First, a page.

Excelsior Coin Dealer Sentenced For Defrauding Customers And Investors Out Of Over $3.3 Million
MINNEAPOLIS—Earlier today in federal court, a 53-year-old Excelsior coin dealer was sentenced for devising and executing a scheme to defraud customers and investors out of more than $3.3 million. United States District Judge Patrick J. Schiltz sentenced David Laurence Marion to 60 months in prison on one count of conspiracy to commit mail and wire fraud and one count of money laundering. Marion was indicted on November 14, 2012, and pleaded guilty on February 21, 2013.
Marion owned International Rarities Corporation (“IRC”), a business that bought, sold, and traded gold coins and precious metals, among other things. Marion directed his sales staff to “cold call” people from “lead” sheets in an attempt to get them to buy, sell, or trade coins and precious metals.
In his plea agreement, Marion admitted that between December 2010 and August 2011, IRC received over $2 million in coins, precious metals, and money from customers who intended to make purchases or trades. In August 2011, IRC purportedly had over $2 million in unfulfilled customer orders. When customers inquired about the status of their orders, they were ignored by Marion and the IRC sales staff, or they were falsely advised that their orders were being processed or their money, coins, and precious metals could not be returned at that time. In the meantime, Marion used the customers’ money, coins, and precious metals to support his gambling and lavish lifestyle as well as to pay commissions and salaries, fulfill other customer orders, and support his family. Customers lost approximately $1.7 million in money, coins, and precious metals as a result of this scheme.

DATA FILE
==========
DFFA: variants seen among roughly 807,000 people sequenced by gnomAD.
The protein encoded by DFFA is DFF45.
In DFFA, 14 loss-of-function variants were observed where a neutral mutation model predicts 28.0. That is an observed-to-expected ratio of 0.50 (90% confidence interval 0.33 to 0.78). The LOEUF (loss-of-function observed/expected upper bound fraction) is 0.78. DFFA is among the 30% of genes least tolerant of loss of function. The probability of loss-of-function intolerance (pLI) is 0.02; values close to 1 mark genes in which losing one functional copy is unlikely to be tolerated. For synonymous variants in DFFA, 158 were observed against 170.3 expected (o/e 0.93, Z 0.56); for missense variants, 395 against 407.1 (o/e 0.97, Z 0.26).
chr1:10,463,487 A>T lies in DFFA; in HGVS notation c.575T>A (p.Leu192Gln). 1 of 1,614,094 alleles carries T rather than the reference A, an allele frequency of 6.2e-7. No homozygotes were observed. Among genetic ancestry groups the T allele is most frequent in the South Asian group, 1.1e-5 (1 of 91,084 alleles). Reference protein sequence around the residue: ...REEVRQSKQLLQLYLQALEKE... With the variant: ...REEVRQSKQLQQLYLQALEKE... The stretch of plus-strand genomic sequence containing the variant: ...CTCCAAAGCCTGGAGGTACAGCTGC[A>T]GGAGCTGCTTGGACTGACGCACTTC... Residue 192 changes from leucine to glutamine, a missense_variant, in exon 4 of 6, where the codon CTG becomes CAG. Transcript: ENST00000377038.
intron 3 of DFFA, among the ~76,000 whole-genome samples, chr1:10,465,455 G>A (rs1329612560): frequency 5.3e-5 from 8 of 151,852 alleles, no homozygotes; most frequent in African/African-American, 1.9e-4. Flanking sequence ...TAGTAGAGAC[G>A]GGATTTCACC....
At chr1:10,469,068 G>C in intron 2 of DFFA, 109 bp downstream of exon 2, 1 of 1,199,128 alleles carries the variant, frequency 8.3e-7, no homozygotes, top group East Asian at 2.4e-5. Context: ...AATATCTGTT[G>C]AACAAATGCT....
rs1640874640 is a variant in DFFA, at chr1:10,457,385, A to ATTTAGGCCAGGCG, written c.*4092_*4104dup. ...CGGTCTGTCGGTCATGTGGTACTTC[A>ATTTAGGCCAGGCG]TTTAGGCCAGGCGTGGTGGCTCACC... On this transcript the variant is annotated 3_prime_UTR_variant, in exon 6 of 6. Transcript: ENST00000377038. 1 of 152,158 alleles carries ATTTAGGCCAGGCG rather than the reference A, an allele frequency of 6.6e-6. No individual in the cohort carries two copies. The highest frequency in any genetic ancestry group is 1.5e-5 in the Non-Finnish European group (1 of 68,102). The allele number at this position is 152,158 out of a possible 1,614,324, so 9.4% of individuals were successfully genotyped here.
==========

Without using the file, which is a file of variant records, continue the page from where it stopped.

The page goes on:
As president of International Rarities Holdings (“IRH”), Marion also directed his sales staff to sell securities in the form of ownership shares in the company. However, Marion was not registered with the Securities and Exchange Commission (“SEC”) as a broker or dealer at that time, nor was he associated with a registered SEC broker or dealer. In fact, in April 2009, the SEC rejected Marion’s attempt to register the IRH offering as a security, yet, from at least November 2008 through July 2009, Marion and his sales staff raised approximately $1 million from at least 26 investors who believed they were purchasing ownership shares in the company. Marion used approximately $200,000 of those investor funds for his own personal use.
This case was the result of an investigation by the Federal Bureau of Investigation, the U.S. Postal Inspection Service, and the Internal Revenue Service-Criminal Investigations. It was prosecuted by Assistant U.S. Attorney Karen B. Schommer.
The U.S. Attorney’s Office wants to remind people to protect themselves from securities fraud. For more information, visit http://www.stopfraud.gov/protect-securities.html.